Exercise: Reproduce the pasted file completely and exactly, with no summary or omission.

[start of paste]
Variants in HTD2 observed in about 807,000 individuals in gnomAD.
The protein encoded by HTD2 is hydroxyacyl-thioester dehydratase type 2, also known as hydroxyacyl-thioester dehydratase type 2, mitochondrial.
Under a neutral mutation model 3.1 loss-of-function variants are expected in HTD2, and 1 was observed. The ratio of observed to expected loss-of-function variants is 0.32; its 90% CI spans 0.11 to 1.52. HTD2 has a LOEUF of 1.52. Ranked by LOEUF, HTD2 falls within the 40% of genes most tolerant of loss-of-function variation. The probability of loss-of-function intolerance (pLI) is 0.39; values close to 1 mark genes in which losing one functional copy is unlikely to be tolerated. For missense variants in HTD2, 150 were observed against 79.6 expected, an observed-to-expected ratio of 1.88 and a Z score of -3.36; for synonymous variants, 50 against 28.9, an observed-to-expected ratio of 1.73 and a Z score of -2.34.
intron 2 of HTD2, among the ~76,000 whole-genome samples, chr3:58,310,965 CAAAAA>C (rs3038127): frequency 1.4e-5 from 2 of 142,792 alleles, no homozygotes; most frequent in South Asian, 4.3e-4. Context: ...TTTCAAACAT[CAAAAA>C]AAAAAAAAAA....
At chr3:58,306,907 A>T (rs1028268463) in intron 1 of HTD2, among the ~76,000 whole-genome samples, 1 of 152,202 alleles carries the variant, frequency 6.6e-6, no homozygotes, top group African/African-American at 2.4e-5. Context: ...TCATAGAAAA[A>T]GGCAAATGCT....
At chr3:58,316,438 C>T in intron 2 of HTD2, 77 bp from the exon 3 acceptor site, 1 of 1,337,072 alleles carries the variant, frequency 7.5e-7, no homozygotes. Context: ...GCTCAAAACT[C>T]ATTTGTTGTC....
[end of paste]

Variants in HTD2 observed in about 807,000 individuals in gnomAD.
The protein encoded by HTD2 is hydroxyacyl-thioester dehydratase type 2, also known as hydroxyacyl-thioester dehydratase type 2, mitochondrial.
Under a neutral mutation model 3.1 loss-of-function variants are expected in HTD2, and 1 was observed. The ratio of observed to expected loss-of-function variants is 0.32; its 90% CI spans 0.11 to 1.52. HTD2 has a LOEUF of 1.52. Ranked by LOEUF, HTD2 falls within the 40% of genes most tolerant of loss-of-function variation. The probability of loss-of-function intolerance (pLI) is 0.39; values close to 1 mark genes in which losing one functional copy is unlikely to be tolerated. For missense variants in HTD2, 150 were observed against 79.6 expected, an observed-to-expected ratio of 1.88 and a Z score of -3.36; for synonymous variants, 50 against 28.9, an observed-to-expected ratio of 1.73 and a Z score of -2.34.
intron 2 of HTD2, among the ~76,000 whole-genome samples, chr3:58,310,965 CAAAAA>C (rs3038127): frequency 1.4e-5 from 2 of 142,792 alleles, no homozygotes; most frequent in South Asian, 4.3e-4. Context: ...TTTCAAACAT[CAAAAA>C]AAAAAAAAAA....
At chr3:58,306,907 A>T (rs1028268463) in intron 1 of HTD2, among the ~76,000 whole-genome samples, 1 of 152,202 alleles carries the variant, frequency 6.6e-6, no homozygotes, top group African/African-American at 2.4e-5. Context: ...TCATAGAAAA[A>T]GGCAAATGCT....
At chr3:58,316,438 C>T in intron 2 of HTD2, 77 bp from the exon 3 acceptor site, 1 of 1,337,072 alleles carries the variant, frequency 7.5e-7, no homozygotes. Context: ...GCTCAAAACT[C>T]ATTTGTTGTC....